Frederick Hess with the American Enterprise Institute discusses how COVID-19 is forcing colleges across America to adapt and rethink their approach to higher education going forward:
"The coronavirus pandemic has upended America’s colleges and universities. Last spring, schools shut mid-semester, kicking students out of dorms and hurriedly moving classes online. The results were pretty dismal, with students feeling ripped off and professors lost at sea. After this rocky spring, it’s natural to wonder: What’s ahead this fall?
"For starters, while there’s still much uncertainty, plenty of colleges have announced that they’ll be going remote this fall. Institutions from the mammoth Cal State system to Harvard University have told students that they’ll be taking courses on their iPad — but will still be paying full freight.
"For the slice of students enrolled in four-year institutions, this is a lousy deal indeed. After all, students are typically told there are three big benefits from attending a recognizable college or university: the campus experience, the exquisite academic instruction, and a brand that offers a big leg up in the labor market. Well, that campus experience has evaporated. And students are not pleased. As one survey of over 3,000 college students found, more than three-quarters said this spring’s online instruction was unengaging and two-thirds felt it was inferior to in-person learning. In short, the case for taking on big loans to attend residential colleges has now been reduced to the hope that a piece of paper verifying that a student watched Zoom sessions featuring professors from College X will translate to a better job. ...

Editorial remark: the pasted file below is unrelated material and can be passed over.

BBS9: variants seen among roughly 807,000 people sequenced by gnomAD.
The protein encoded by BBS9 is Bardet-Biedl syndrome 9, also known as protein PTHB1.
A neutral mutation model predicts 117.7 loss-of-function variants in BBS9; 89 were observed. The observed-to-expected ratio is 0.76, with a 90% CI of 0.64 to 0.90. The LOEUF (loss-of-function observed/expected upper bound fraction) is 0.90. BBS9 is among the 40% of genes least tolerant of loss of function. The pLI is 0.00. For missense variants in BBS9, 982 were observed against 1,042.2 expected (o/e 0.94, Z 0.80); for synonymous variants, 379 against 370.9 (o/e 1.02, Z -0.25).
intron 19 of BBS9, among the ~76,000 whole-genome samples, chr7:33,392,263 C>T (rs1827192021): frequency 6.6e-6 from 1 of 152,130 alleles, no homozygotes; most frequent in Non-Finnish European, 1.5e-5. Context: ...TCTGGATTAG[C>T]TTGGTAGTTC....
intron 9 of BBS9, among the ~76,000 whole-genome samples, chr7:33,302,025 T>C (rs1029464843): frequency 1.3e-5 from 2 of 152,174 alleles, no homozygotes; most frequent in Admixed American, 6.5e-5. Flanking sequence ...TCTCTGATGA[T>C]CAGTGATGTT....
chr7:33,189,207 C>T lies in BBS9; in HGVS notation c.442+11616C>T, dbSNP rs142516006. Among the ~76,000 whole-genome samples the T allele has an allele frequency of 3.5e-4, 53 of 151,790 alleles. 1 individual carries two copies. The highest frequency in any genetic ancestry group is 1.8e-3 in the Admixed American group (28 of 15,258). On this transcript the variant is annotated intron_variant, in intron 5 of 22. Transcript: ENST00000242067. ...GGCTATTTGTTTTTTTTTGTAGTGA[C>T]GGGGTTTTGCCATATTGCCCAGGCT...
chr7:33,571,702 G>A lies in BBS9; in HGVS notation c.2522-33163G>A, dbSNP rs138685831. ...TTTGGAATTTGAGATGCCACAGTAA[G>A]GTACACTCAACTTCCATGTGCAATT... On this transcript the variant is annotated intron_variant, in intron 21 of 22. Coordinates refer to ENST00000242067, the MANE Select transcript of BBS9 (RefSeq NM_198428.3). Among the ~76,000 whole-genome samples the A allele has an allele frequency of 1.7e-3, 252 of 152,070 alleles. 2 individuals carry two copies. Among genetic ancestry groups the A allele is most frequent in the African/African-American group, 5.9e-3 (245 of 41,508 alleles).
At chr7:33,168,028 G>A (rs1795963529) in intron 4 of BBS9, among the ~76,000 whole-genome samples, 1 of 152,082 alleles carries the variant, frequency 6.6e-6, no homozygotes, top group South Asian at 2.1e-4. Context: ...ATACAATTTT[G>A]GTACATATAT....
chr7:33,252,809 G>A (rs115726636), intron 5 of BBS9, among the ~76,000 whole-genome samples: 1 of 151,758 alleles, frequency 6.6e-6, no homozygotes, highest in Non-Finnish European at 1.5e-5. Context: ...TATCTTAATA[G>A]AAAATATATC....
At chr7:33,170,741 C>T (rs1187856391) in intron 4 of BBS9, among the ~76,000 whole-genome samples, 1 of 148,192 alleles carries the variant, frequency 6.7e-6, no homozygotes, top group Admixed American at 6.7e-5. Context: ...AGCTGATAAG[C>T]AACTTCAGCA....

"American higher education is facing a crisis that could prove to be a profound opportunity for rethinking and reinvention. Here’s hoping that college leaders and public officials are equal to the challenge."
To read more, please click www.riponsociety.org/article/college-in-the-age-of-corona-will-it-ever-be-the-same/